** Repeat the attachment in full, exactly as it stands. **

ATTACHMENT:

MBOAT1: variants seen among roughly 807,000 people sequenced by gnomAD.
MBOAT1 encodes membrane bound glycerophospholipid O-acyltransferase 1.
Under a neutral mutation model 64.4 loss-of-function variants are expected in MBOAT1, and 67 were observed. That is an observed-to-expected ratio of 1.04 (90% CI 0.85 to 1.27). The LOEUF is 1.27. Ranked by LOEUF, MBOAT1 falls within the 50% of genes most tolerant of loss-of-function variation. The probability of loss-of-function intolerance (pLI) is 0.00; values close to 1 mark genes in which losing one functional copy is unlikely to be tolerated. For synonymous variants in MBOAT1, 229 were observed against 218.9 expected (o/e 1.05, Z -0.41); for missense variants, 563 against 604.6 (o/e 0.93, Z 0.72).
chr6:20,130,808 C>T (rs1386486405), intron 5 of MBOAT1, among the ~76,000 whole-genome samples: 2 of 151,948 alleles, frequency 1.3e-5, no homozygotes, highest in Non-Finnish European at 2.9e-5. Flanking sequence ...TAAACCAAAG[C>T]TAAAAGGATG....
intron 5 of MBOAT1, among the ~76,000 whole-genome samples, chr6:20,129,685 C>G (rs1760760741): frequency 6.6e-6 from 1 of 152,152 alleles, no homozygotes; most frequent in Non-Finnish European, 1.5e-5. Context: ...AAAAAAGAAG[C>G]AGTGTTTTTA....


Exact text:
MBOAT1: variants seen among roughly 807,000 people sequenced by gnomAD.
MBOAT1 encodes membrane bound glycerophospholipid O-acyltransferase 1.
Under a neutral mutation model 64.4 loss-of-function variants are expected in MBOAT1, and 67 were observed. That is an observed-to-expected ratio of 1.04 (90% CI 0.85 to 1.27). The LOEUF is 1.27. Ranked by LOEUF, MBOAT1 falls within the 50% of genes most tolerant of loss-of-function variation. The probability of loss-of-function intolerance (pLI) is 0.00; values close to 1 mark genes in which losing one functional copy is unlikely to be tolerated. For synonymous variants in MBOAT1, 229 were observed against 218.9 expected (o/e 1.05, Z -0.41); for missense variants, 563 against 604.6 (o/e 0.93, Z 0.72).
chr6:20,130,808 C>T (rs1386486405), intron 5 of MBOAT1, among the ~76,000 whole-genome samples: 2 of 151,948 alleles, frequency 1.3e-5, no homozygotes, highest in Non-Finnish European at 2.9e-5. Flanking sequence ...TAAACCAAAG[C>T]TAAAAGGATG....
intron 5 of MBOAT1, among the ~76,000 whole-genome samples, chr6:20,129,685 C>G (rs1760760741): frequency 6.6e-6 from 1 of 152,152 alleles, no homozygotes; most frequent in Non-Finnish European, 1.5e-5. Context: ...AAAAAAGAAG[C>G]AGTGTTTTTA....